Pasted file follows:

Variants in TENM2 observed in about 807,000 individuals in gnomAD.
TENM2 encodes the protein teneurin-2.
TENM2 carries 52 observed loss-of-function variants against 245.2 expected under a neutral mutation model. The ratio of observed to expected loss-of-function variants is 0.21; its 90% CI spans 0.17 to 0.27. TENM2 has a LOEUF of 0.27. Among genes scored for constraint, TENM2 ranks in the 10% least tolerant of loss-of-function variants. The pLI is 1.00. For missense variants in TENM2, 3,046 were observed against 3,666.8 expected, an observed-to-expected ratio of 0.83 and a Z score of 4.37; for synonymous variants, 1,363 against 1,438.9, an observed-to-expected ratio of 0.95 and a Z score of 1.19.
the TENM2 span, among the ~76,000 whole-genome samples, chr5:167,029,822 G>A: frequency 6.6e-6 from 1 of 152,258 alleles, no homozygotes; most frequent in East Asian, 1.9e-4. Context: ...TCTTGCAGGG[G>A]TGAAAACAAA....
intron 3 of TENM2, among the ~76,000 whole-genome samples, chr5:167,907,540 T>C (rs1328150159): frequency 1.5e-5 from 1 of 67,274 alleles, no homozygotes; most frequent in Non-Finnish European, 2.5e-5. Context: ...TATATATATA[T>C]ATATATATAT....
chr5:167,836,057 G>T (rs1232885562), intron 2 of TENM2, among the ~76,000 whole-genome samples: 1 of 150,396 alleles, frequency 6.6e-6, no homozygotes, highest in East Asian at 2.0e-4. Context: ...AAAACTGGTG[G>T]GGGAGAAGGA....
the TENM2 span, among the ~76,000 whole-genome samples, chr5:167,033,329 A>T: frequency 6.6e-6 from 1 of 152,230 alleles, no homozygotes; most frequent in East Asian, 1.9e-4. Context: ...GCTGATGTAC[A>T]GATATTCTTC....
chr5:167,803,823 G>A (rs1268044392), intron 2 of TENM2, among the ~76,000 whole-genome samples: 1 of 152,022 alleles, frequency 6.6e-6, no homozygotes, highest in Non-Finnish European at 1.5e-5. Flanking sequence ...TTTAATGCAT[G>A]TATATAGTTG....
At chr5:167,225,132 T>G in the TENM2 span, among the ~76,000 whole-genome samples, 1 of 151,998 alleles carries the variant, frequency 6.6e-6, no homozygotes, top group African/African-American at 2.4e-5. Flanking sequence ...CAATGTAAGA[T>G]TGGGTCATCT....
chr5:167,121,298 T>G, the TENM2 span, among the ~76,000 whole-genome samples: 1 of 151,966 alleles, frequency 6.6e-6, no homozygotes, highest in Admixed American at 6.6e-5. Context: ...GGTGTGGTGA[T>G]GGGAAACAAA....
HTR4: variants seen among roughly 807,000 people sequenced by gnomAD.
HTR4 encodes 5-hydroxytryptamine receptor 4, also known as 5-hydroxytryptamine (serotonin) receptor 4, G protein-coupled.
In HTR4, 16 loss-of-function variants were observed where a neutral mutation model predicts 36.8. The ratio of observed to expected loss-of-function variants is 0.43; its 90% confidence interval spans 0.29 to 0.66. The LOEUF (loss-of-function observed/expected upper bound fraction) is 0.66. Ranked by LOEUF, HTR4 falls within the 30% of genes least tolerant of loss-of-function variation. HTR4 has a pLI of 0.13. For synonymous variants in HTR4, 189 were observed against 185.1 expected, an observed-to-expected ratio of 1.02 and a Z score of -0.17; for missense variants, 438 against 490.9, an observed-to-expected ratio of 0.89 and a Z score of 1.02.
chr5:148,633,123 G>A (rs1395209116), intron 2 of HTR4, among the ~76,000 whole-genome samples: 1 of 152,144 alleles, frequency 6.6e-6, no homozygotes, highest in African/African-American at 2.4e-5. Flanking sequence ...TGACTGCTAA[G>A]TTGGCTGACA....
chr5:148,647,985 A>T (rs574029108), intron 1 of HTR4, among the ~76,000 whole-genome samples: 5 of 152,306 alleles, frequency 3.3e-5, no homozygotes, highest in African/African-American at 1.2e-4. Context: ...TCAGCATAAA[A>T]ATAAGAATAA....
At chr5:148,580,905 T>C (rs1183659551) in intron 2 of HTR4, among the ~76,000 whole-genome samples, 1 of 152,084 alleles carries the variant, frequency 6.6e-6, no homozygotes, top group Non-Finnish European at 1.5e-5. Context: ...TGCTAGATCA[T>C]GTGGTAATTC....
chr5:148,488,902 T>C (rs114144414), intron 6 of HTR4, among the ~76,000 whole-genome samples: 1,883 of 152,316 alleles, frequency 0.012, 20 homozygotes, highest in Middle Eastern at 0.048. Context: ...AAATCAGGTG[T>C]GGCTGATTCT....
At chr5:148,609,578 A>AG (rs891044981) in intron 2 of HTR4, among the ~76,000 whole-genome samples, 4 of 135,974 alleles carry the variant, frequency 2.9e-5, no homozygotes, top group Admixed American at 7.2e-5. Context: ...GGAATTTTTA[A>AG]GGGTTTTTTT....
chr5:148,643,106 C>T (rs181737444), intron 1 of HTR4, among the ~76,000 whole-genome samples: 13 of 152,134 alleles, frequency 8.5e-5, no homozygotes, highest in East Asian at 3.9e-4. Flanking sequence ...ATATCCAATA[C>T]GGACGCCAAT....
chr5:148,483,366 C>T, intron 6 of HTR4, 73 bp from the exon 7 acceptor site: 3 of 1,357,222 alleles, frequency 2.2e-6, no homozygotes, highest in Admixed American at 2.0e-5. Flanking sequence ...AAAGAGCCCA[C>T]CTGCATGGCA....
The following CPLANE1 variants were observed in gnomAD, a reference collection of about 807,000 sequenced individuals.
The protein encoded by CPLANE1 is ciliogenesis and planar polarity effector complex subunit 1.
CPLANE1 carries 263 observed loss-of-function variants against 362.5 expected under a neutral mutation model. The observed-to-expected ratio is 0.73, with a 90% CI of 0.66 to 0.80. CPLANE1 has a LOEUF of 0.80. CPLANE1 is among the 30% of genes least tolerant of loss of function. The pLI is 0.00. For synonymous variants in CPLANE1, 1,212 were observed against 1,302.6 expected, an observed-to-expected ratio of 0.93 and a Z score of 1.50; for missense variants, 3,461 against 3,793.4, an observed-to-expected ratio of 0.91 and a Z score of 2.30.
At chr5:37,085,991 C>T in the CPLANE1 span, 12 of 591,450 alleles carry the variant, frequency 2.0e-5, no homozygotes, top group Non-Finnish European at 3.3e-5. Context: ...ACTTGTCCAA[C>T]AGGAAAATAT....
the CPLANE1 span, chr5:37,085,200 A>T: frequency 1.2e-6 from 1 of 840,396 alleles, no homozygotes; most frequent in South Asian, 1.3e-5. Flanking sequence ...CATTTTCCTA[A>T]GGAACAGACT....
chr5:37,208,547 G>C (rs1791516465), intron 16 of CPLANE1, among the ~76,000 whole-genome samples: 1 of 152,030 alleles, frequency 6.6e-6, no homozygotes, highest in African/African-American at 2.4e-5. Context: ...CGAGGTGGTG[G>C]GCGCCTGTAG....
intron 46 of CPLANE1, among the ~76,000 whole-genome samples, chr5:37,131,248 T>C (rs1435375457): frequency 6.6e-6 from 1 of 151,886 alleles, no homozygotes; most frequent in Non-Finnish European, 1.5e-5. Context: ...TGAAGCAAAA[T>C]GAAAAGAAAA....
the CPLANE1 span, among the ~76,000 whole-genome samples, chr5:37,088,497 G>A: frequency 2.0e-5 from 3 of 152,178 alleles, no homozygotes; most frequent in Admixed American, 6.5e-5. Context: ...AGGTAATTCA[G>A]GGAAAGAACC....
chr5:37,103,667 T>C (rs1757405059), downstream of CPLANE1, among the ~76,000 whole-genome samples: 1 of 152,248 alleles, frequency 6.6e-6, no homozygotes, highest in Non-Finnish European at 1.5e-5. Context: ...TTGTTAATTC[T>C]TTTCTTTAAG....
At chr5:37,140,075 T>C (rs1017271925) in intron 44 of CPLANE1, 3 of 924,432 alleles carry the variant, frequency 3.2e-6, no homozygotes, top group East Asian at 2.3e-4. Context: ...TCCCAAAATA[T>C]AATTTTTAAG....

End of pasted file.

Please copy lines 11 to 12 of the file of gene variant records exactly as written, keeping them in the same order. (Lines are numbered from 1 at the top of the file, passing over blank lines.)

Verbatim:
HTR4: variants seen among roughly 807,000 people sequenced by gnomAD.
HTR4 encodes 5-hydroxytryptamine receptor 4, also known as 5-hydroxytryptamine (serotonin) receptor 4, G protein-coupled.